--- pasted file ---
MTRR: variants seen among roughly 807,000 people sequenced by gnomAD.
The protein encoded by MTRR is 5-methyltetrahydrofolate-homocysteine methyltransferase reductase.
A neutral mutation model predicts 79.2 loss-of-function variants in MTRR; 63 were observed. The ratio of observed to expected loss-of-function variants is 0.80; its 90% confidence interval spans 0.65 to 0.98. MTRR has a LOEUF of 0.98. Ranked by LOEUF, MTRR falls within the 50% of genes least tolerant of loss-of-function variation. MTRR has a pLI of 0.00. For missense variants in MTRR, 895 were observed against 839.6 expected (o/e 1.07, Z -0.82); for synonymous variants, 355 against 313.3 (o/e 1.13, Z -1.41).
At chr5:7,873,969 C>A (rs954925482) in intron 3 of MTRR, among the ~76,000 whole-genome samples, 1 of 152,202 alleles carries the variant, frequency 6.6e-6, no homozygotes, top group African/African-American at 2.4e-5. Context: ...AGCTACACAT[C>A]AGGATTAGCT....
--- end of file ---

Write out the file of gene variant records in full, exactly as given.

MTRR: variants seen among roughly 807,000 people sequenced by gnomAD.
The protein encoded by MTRR is 5-methyltetrahydrofolate-homocysteine methyltransferase reductase.
A neutral mutation model predicts 79.2 loss-of-function variants in MTRR; 63 were observed. The ratio of observed to expected loss-of-function variants is 0.80; its 90% confidence interval spans 0.65 to 0.98. MTRR has a LOEUF of 0.98. Ranked by LOEUF, MTRR falls within the 50% of genes least tolerant of loss-of-function variation. MTRR has a pLI of 0.00. For missense variants in MTRR, 895 were observed against 839.6 expected (o/e 1.07, Z -0.82); for synonymous variants, 355 against 313.3 (o/e 1.13, Z -1.41).
At chr5:7,873,969 C>A (rs954925482) in intron 3 of MTRR, among the ~76,000 whole-genome samples, 1 of 152,202 alleles carries the variant, frequency 6.6e-6, no homozygotes, top group African/African-American at 2.4e-5. Context: ...AGCTACACAT[C>A]AGGATTAGCT....